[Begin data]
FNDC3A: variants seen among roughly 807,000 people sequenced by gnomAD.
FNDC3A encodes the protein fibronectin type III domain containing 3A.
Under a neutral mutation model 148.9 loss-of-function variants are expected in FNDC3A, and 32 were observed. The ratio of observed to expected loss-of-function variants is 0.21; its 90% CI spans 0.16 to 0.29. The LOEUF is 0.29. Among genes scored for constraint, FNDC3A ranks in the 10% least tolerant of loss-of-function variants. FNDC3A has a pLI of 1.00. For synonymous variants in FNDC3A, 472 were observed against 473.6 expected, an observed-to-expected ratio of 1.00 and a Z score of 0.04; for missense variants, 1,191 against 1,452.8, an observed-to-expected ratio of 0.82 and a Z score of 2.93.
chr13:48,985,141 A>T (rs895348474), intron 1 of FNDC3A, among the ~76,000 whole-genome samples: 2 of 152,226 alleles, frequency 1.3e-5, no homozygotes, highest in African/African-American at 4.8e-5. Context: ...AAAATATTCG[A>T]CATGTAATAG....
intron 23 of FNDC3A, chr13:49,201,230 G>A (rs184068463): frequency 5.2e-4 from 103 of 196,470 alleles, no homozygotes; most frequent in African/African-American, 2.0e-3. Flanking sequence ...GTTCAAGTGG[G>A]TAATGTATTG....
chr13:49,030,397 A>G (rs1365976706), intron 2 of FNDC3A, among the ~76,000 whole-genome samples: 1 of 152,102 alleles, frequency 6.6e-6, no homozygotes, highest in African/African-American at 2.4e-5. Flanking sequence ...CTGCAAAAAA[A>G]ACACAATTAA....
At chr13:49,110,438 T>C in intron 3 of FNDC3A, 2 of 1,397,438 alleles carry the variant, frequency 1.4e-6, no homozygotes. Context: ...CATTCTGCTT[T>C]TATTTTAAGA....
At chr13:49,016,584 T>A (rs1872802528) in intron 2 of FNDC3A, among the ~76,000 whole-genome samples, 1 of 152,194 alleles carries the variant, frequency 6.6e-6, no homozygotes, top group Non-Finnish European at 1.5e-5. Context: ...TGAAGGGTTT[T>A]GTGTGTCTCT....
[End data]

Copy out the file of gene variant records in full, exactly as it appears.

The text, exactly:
FNDC3A: variants seen among roughly 807,000 people sequenced by gnomAD.
FNDC3A encodes the protein fibronectin type III domain containing 3A.
Under a neutral mutation model 148.9 loss-of-function variants are expected in FNDC3A, and 32 were observed. The ratio of observed to expected loss-of-function variants is 0.21; its 90% CI spans 0.16 to 0.29. The LOEUF is 0.29. Among genes scored for constraint, FNDC3A ranks in the 10% least tolerant of loss-of-function variants. FNDC3A has a pLI of 1.00. For synonymous variants in FNDC3A, 472 were observed against 473.6 expected, an observed-to-expected ratio of 1.00 and a Z score of 0.04; for missense variants, 1,191 against 1,452.8, an observed-to-expected ratio of 0.82 and a Z score of 2.93.
chr13:48,985,141 A>T (rs895348474), intron 1 of FNDC3A, among the ~76,000 whole-genome samples: 2 of 152,226 alleles, frequency 1.3e-5, no homozygotes, highest in African/African-American at 4.8e-5. Context: ...AAAATATTCG[A>T]CATGTAATAG....
intron 23 of FNDC3A, chr13:49,201,230 G>A (rs184068463): frequency 5.2e-4 from 103 of 196,470 alleles, no homozygotes; most frequent in African/African-American, 2.0e-3. Flanking sequence ...GTTCAAGTGG[G>A]TAATGTATTG....
chr13:49,030,397 A>G (rs1365976706), intron 2 of FNDC3A, among the ~76,000 whole-genome samples: 1 of 152,102 alleles, frequency 6.6e-6, no homozygotes, highest in African/African-American at 2.4e-5. Flanking sequence ...CTGCAAAAAA[A>G]ACACAATTAA....
At chr13:49,110,438 T>C in intron 3 of FNDC3A, 2 of 1,397,438 alleles carry the variant, frequency 1.4e-6, no homozygotes. Context: ...CATTCTGCTT[T>C]TATTTTAAGA....
At chr13:49,016,584 T>A (rs1872802528) in intron 2 of FNDC3A, among the ~76,000 whole-genome samples, 1 of 152,194 alleles carries the variant, frequency 6.6e-6, no homozygotes, top group Non-Finnish European at 1.5e-5. Context: ...TGAAGGGTTT[T>A]GTGTGTCTCT....